# Real world example of non-interactive zero knowledge proofs?

I am very interested in finding out more about the non-interactive zero knowledge proofs after reading the simplified and abstract examples about zero knowledge proofs themselves here.

For the NI-ZK, most answers over here are either very technical or on a very generic level that i have a hard time understanding it.

I do understand the concept for using NI-ZK with a common shared string (CRS): Instead of having a challenge from the Verifier, the Prover simulates it. But the CRS is completely known to the Prover and he can look at the consequence of possible commitments, refraining from them if he may be wrong, can't he? If i use the example on wikipedia for ZK proofs:

In this story, Peggy has uncovered the secret word used to open a magic door in a cave. The cave is shaped like a ring, with the entrance on one side and the magic door blocking the opposite side. Victor wants to know whether Peggy knows the secret word; but Peggy, being a very private person, does not want to reveal her knowledge (the secret word) to Victor or to reveal the fact of her knowledge to the world in general.

They label the left and right paths from the entrance A and B. First, Victor waits outside the cave as Peggy goes in. Peggy takes either path A or B; Victor is not allowed to see which path she takes. Then, Victor enters the cave and shouts the name of the path he wants her to use to return, either A or B, chosen at random. Providing she really does know the magic word, this is easy: she opens the door, if necessary, and returns along the desired path.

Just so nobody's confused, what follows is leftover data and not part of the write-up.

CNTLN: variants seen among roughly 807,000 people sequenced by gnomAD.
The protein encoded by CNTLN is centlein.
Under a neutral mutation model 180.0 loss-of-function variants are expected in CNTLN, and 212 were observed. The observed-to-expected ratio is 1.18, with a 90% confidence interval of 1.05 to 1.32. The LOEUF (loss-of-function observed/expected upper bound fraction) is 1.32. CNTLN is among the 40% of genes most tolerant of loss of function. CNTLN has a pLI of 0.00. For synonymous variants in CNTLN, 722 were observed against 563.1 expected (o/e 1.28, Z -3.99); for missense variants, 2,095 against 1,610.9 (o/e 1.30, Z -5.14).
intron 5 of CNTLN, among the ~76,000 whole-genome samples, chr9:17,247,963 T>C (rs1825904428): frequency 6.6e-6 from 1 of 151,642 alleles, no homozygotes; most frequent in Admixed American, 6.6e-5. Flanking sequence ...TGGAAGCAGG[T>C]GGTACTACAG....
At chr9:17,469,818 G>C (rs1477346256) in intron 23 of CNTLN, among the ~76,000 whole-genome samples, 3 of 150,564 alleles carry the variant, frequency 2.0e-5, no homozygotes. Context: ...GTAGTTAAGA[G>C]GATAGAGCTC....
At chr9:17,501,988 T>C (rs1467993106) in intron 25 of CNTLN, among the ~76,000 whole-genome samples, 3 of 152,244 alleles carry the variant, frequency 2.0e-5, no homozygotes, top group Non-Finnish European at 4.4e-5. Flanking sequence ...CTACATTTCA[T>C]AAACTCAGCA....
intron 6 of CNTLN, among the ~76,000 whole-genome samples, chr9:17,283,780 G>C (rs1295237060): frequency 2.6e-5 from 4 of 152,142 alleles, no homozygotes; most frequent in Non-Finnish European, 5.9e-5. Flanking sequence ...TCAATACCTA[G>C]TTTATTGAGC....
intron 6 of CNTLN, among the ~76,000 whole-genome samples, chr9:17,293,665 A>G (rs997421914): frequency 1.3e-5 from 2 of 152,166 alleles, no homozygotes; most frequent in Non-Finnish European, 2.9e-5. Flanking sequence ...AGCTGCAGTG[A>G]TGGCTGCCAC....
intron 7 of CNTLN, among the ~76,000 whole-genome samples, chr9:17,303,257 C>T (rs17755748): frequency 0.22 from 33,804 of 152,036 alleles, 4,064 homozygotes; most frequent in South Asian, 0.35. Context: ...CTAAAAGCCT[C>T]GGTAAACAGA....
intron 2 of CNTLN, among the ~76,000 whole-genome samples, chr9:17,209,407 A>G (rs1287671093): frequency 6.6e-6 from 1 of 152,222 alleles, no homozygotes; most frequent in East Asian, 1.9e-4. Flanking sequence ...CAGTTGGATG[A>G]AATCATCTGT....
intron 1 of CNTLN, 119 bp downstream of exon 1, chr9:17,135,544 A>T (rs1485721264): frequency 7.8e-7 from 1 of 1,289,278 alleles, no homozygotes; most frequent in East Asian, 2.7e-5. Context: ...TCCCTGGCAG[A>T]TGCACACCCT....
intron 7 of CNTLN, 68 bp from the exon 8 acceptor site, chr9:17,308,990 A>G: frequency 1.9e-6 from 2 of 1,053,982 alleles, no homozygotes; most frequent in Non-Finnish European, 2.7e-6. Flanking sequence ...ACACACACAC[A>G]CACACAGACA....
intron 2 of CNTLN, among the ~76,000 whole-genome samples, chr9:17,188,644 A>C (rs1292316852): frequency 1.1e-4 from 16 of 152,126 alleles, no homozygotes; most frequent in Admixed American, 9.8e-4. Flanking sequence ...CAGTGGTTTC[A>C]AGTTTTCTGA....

Now if we replace Victor with a CRS, Peggy would f.e. enter at entry A and look at a position that is the equivalent of her decision (or where would she look?) whether she should leave the cave at A or B, in this case B. But why doesnt she just look it up beforehand? She has the CRS and she knows where she would have to look at if she took either sides - she can just see that if she goes to A first, she is supposed to come out at B. So instead of really committing to A, she secretly sneaks into B and gets out there without having to pass the magic gate.

The argument about Peggy being able to start over is not about NI-ZK proofs, it is about zero knowledge in general.

Zero knowledge does not give you a definite certainty that Peggy actally has the claimed knowledge. In your example, the probability of Peggy being able to cheat is $1/2$ after one round. If we do this for two rounds, the probability that she cheated twice succssfully is $1/4$. This goes on, until there is a satisfying probability, e.g. that Peggy could only cheat with probability of $1/2^{80}$ for 80 rounds.

Now, if we require in a NI-ZK proof that Peggy created a transcript with 80 rounds, she would have to start over for $2^{80}$ times to find such a transcript, if she doesn't have the ability to go back just one round. This has to be enforced, which is done in the Fiat Shamir heuristic by hashing all the previous results. In the CRS model this is achieved by defining the reference string only with a certain distribution and granting no one authority over this choice. This assumption implies, that Peggy can not just go back one step. If she starts over from the beginning, the entire string would change.